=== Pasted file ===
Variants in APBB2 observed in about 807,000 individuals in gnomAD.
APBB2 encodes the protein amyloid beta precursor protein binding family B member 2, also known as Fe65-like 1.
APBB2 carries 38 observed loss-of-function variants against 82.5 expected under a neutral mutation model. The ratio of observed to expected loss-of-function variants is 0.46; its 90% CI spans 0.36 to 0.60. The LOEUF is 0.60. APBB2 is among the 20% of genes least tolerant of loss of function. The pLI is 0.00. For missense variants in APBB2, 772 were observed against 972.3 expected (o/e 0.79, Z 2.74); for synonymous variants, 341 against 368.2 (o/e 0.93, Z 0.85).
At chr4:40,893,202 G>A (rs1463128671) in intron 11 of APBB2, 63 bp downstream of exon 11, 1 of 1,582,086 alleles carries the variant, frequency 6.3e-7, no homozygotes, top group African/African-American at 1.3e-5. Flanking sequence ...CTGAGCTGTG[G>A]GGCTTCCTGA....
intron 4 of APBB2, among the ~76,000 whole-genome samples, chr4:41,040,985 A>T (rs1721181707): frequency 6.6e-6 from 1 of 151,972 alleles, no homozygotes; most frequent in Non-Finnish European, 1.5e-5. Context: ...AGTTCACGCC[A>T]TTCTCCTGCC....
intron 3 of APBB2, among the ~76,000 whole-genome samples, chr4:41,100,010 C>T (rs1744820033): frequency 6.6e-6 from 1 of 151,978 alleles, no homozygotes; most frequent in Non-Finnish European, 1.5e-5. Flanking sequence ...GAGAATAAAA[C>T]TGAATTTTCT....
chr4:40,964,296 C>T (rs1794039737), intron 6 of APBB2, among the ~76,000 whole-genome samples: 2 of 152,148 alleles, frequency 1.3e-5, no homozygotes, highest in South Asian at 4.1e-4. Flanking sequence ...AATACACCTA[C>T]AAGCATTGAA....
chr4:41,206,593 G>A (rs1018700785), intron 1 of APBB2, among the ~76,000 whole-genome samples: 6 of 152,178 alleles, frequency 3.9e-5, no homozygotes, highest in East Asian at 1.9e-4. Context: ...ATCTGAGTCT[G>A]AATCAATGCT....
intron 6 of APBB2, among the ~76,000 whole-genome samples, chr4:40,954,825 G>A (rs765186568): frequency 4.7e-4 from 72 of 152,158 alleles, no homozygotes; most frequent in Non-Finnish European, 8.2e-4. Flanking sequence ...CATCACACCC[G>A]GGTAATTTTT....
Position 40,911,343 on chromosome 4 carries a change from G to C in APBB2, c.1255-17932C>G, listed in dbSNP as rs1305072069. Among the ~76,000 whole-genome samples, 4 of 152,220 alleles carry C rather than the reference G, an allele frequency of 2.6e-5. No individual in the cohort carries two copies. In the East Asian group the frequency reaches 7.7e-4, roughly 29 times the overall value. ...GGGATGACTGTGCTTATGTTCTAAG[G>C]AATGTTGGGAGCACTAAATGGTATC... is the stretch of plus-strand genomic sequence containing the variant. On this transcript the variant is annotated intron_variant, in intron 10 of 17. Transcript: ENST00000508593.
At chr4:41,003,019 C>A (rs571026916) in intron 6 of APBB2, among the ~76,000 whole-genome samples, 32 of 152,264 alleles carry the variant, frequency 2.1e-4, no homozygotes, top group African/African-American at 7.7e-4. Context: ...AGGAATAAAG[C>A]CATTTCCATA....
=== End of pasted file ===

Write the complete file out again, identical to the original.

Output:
Variants in APBB2 observed in about 807,000 individuals in gnomAD.
APBB2 encodes the protein amyloid beta precursor protein binding family B member 2, also known as Fe65-like 1.
APBB2 carries 38 observed loss-of-function variants against 82.5 expected under a neutral mutation model. The ratio of observed to expected loss-of-function variants is 0.46; its 90% CI spans 0.36 to 0.60. The LOEUF is 0.60. APBB2 is among the 20% of genes least tolerant of loss of function. The pLI is 0.00. For missense variants in APBB2, 772 were observed against 972.3 expected (o/e 0.79, Z 2.74); for synonymous variants, 341 against 368.2 (o/e 0.93, Z 0.85).
At chr4:40,893,202 G>A (rs1463128671) in intron 11 of APBB2, 63 bp downstream of exon 11, 1 of 1,582,086 alleles carries the variant, frequency 6.3e-7, no homozygotes, top group African/African-American at 1.3e-5. Flanking sequence ...CTGAGCTGTG[G>A]GGCTTCCTGA....
intron 4 of APBB2, among the ~76,000 whole-genome samples, chr4:41,040,985 A>T (rs1721181707): frequency 6.6e-6 from 1 of 151,972 alleles, no homozygotes; most frequent in Non-Finnish European, 1.5e-5. Context: ...AGTTCACGCC[A>T]TTCTCCTGCC....
intron 3 of APBB2, among the ~76,000 whole-genome samples, chr4:41,100,010 C>T (rs1744820033): frequency 6.6e-6 from 1 of 151,978 alleles, no homozygotes; most frequent in Non-Finnish European, 1.5e-5. Flanking sequence ...GAGAATAAAA[C>T]TGAATTTTCT....
chr4:40,964,296 C>T (rs1794039737), intron 6 of APBB2, among the ~76,000 whole-genome samples: 2 of 152,148 alleles, frequency 1.3e-5, no homozygotes, highest in South Asian at 4.1e-4. Flanking sequence ...AATACACCTA[C>T]AAGCATTGAA....
chr4:41,206,593 G>A (rs1018700785), intron 1 of APBB2, among the ~76,000 whole-genome samples: 6 of 152,178 alleles, frequency 3.9e-5, no homozygotes, highest in East Asian at 1.9e-4. Context: ...ATCTGAGTCT[G>A]AATCAATGCT....
intron 6 of APBB2, among the ~76,000 whole-genome samples, chr4:40,954,825 G>A (rs765186568): frequency 4.7e-4 from 72 of 152,158 alleles, no homozygotes; most frequent in Non-Finnish European, 8.2e-4. Flanking sequence ...CATCACACCC[G>A]GGTAATTTTT....
Position 40,911,343 on chromosome 4 carries a change from G to C in APBB2, c.1255-17932C>G, listed in dbSNP as rs1305072069. Among the ~76,000 whole-genome samples, 4 of 152,220 alleles carry C rather than the reference G, an allele frequency of 2.6e-5. No individual in the cohort carries two copies. In the East Asian group the frequency reaches 7.7e-4, roughly 29 times the overall value. ...GGGATGACTGTGCTTATGTTCTAAG[G>C]AATGTTGGGAGCACTAAATGGTATC... is the stretch of plus-strand genomic sequence containing the variant. On this transcript the variant is annotated intron_variant, in intron 10 of 17. Transcript: ENST00000508593.
At chr4:41,003,019 C>A (rs571026916) in intron 6 of APBB2, among the ~76,000 whole-genome samples, 32 of 152,264 alleles carry the variant, frequency 2.1e-4, no homozygotes, top group African/African-American at 7.7e-4. Context: ...AGGAATAAAG[C>A]CATTTCCATA....